# Shaping ultrasound echoes

Time-resolved measurements are ubiquitous in physical sciences and engineering. Such measurements are, however, especially difficult to perform in complex scattering systems such as biological tissues or engineered structures. Indeed, a wave propagating through such a system typically yields an uncontrolled temporal field distribution. Here, we show how this distribution can in fact be controlled and tuned so that it allows one to estimate the value of any given observable with ultimate precision.

Let us take the example of a small metallic target hidden into a disordered ensemble of other metallic objects. To estimate the position of the target, we send in an acoustic wave and we measure the resulting output field, which is unavoidably noisy. Our approach then relies on a simple idea: there must exist one temporal profile of the probe wave that will allow us to estimate the position of the target with optimal precision from such measurements. In our work, we theoretically show how to identify this optimal profile for any scattering system, regardless of its complexity. We then present the results of a proof-of-principle experiment performed with ultrasounds, in which we evidence that a fundamental symmetry of nature (time-translation symmetry) further helps us to find these optimal probe waves.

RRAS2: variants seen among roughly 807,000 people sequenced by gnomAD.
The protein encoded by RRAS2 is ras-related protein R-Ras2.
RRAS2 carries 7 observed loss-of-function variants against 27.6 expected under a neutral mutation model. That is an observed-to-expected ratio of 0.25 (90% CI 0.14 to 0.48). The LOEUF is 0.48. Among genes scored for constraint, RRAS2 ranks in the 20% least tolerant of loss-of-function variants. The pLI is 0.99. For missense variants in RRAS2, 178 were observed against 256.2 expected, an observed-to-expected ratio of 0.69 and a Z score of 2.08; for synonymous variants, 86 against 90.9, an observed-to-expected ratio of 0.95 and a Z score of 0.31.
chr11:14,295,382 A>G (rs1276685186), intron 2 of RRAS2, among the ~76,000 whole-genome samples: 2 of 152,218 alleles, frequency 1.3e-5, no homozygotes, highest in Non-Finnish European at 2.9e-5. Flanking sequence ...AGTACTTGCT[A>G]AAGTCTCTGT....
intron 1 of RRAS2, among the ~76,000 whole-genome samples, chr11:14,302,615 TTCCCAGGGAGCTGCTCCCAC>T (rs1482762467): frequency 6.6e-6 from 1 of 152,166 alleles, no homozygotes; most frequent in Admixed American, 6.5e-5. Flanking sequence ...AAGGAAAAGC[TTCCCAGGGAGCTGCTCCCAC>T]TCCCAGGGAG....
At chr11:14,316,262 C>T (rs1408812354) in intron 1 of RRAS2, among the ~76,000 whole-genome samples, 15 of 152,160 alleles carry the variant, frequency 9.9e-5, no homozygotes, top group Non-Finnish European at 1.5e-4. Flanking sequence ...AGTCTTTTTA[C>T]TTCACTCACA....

This study has been published in Physical Review Reserach (Bouchet & Bossy, 2023).